British Airways parent IAG held their version of Investor Day on Friday. The presentation (.pdf) clearly wasn’t geared towards customers, focused as it was on cost-cutting and promising not to grow their flights. They’ve always been probably too candid, even, at these events in describing how they plan to separate customers from their money. For instance here’s a slide from IAG investor deck in 2016:
The new one is equally interesting. Here are 11 key takeaways:
- With first class increasingly undifferentiated from business class on British Airways – indeed business class will have doors while first class will not – they aren’t even separating out business and first as different ‘demand segments’ for their product.
- They’ve been touting a ‘6.5 billion pound’ investment for many years – it sounds like a lot when you hear it, because it sounds as though it’s money right now but it’s actually been dragging out for quite some time and far less impressive.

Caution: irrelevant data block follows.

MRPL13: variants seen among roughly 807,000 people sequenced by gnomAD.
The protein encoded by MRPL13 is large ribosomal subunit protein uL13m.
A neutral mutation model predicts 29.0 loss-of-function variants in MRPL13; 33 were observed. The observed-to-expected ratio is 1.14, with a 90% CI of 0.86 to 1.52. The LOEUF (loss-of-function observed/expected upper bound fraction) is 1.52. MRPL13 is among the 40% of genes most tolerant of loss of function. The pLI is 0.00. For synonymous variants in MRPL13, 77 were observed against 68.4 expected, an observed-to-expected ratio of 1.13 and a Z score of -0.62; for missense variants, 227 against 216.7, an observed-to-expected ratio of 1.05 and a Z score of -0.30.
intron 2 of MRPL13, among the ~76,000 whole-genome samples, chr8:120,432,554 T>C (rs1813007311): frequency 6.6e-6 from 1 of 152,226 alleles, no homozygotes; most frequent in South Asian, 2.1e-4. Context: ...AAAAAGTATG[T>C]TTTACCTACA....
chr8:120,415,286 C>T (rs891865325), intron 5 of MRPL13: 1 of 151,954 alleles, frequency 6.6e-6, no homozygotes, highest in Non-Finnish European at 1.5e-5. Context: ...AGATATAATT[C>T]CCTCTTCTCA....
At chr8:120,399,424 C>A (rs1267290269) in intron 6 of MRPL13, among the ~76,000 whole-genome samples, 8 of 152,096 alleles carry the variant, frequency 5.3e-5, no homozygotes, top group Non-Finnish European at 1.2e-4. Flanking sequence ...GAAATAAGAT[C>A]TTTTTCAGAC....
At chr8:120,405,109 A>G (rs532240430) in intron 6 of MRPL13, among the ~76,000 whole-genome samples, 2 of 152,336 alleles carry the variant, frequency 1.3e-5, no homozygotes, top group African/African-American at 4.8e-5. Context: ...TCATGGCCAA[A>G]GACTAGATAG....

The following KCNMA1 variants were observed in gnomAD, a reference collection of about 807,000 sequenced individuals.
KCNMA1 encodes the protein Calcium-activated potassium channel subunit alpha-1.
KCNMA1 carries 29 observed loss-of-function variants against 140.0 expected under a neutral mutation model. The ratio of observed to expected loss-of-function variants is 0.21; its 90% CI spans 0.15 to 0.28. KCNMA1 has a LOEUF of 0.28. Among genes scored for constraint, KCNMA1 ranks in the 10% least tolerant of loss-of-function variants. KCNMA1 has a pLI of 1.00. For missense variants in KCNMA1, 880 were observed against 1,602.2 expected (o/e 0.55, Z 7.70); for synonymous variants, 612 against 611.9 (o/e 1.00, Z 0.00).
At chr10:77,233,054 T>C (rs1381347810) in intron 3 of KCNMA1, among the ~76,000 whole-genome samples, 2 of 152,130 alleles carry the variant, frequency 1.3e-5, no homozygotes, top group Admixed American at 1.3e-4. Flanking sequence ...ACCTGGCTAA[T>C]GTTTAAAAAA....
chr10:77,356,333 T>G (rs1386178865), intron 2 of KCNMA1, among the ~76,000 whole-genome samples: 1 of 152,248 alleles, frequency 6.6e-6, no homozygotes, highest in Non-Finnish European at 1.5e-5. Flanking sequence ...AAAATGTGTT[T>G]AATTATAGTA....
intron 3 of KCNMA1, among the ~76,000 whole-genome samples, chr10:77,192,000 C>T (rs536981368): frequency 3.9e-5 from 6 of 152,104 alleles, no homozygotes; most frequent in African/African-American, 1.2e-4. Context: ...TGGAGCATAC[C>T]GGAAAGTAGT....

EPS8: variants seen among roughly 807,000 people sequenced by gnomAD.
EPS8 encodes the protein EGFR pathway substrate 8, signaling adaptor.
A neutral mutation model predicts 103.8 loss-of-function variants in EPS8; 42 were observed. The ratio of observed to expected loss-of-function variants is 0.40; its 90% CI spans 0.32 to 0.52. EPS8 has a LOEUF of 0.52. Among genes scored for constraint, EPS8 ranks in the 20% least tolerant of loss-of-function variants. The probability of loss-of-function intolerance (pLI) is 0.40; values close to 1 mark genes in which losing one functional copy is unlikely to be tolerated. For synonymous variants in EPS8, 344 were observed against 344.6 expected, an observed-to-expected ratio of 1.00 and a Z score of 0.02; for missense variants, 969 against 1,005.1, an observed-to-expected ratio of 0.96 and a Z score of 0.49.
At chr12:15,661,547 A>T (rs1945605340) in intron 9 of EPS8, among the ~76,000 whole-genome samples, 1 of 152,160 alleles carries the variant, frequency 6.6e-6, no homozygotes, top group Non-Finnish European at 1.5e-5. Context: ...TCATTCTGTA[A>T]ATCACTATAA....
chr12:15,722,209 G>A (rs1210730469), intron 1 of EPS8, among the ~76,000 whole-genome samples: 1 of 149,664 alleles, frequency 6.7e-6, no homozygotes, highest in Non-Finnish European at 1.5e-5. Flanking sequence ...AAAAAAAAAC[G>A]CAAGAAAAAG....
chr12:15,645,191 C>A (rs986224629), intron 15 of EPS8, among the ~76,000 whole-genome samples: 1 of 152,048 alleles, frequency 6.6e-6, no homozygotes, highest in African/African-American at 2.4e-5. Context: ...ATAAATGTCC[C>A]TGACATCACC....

- They’re proud of how they are driving down costs.
- At IAG “digital transformation” must mean “IT failures bring down the whole operation.”
- They’re planning to slow growth at their airlines relative to what they’ve previously announced.
- The group’s short haul fleet is expected to remain flat over the next three years.
- That doesn’t include any of the 200 Boeing 737 MAXs that they’re supposedly going to take (it’s just a letter of intent, not a firm order) since those wouldn’t start to arrive until 2023. British Airways and Vueling will have the same configuration for these aircraft. That makes the planes easily swappable, but also underscores BA as a low cost carrier within Europe.
- Indeed, they declare “cost reduction is in our DNA” – after all they took full service British Airways to a carrier that charged for water on flights within Europe for passengers who wanted to make their own tea.
- You see that in the reductions in headcount at Iberia as well.
- As Boeing 747s and Airbus A340s retire, and they take on Airbus A350s, Boeing 787s, and long range Airbus A321s, the total long haul fleet grows slowly on net.
- The UK is the group’s largest market, followed by the rest of Europe (including Spain), and then North America.